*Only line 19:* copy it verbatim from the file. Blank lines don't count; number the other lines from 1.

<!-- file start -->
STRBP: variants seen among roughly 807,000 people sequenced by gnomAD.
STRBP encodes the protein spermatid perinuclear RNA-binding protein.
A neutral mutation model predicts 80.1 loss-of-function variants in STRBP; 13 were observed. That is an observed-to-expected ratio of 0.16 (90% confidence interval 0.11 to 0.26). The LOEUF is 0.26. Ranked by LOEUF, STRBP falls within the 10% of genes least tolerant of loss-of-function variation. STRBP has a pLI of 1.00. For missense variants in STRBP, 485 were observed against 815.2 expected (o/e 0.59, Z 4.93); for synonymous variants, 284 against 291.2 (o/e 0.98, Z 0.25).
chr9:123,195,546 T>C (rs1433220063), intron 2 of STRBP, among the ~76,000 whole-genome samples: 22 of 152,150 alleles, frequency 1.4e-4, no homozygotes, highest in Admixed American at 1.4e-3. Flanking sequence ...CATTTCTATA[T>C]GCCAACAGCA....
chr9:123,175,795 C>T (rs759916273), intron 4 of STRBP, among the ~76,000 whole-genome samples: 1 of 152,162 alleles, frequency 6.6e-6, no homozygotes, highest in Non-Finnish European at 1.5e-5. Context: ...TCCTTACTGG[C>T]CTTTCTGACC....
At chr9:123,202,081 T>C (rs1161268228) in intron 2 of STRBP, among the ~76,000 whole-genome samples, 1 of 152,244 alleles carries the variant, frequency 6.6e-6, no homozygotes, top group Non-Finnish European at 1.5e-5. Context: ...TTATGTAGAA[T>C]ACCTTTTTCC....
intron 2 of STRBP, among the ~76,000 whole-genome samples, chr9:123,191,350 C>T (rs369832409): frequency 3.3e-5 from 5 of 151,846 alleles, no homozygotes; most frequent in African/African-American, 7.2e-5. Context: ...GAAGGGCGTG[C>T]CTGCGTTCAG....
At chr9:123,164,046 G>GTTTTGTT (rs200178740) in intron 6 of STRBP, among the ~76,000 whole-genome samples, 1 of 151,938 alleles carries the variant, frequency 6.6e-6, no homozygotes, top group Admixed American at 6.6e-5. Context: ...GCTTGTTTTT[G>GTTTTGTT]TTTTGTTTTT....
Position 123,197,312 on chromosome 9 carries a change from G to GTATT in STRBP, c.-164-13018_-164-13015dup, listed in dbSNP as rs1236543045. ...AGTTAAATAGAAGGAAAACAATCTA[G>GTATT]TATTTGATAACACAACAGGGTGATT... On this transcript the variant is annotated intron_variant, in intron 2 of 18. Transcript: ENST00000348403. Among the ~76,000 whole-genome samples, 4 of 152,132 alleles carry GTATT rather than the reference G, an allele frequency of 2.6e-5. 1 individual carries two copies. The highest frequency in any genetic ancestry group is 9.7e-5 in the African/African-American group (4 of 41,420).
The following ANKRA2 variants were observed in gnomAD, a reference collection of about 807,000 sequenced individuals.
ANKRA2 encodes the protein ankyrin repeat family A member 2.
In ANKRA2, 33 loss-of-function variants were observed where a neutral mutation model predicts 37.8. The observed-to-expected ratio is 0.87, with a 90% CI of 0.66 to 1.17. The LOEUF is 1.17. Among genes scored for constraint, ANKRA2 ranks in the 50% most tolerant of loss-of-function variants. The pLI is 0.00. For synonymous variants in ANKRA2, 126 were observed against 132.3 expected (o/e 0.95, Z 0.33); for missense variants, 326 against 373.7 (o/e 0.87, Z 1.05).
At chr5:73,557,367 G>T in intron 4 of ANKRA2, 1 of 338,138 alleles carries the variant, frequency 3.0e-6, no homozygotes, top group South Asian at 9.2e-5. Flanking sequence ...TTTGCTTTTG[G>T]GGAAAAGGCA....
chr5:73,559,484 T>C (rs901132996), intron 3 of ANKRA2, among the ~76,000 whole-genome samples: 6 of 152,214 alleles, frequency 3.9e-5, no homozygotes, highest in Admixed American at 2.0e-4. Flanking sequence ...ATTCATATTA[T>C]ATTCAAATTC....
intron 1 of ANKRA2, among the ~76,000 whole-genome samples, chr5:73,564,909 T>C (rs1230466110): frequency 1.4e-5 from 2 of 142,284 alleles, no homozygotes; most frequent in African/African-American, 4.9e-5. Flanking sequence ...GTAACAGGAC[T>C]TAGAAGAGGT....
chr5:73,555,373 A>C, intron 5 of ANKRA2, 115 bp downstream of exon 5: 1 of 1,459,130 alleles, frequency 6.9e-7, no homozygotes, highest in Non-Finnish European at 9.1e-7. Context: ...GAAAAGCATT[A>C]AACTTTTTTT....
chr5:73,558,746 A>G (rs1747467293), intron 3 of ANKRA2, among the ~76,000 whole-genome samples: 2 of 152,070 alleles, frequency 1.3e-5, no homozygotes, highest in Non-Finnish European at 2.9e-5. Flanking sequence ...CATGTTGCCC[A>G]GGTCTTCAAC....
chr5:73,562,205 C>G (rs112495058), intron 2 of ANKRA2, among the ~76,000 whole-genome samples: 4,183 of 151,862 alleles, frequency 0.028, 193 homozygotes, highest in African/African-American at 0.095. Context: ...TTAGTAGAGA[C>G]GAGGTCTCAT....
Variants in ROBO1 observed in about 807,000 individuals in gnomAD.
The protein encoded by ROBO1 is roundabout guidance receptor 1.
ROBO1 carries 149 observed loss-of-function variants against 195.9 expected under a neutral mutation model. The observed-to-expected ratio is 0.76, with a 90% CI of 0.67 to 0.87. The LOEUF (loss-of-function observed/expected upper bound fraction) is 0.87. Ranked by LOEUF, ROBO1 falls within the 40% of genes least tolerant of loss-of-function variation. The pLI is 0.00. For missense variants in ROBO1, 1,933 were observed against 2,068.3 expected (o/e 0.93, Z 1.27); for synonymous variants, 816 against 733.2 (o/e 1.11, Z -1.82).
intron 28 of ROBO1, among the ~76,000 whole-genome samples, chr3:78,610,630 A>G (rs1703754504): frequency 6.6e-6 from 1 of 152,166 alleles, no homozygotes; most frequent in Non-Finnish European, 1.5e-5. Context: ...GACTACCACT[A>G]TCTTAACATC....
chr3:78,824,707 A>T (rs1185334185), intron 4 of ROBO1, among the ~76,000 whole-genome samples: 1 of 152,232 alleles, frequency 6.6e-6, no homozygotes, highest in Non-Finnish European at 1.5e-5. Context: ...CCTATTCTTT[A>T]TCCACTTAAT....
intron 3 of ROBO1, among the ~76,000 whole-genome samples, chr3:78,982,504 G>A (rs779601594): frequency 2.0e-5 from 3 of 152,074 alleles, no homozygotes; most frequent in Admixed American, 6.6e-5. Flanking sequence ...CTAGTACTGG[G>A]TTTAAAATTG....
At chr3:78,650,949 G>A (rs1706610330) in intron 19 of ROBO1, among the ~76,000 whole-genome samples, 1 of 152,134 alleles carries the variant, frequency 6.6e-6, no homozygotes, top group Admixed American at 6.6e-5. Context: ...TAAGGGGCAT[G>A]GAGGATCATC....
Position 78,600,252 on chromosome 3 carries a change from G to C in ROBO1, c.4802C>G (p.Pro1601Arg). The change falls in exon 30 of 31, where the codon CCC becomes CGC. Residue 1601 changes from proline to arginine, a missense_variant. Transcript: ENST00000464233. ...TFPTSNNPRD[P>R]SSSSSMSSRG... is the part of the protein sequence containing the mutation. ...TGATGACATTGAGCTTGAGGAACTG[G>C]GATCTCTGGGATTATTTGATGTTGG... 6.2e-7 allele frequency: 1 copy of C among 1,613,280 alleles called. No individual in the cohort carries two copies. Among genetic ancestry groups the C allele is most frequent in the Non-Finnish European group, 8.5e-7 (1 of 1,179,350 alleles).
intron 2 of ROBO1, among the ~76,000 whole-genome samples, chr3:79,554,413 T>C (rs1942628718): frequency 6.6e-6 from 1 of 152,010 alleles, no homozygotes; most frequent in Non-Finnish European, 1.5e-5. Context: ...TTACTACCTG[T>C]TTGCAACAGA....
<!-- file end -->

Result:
Variants in ROBO1 observed in about 807,000 individuals in gnomAD.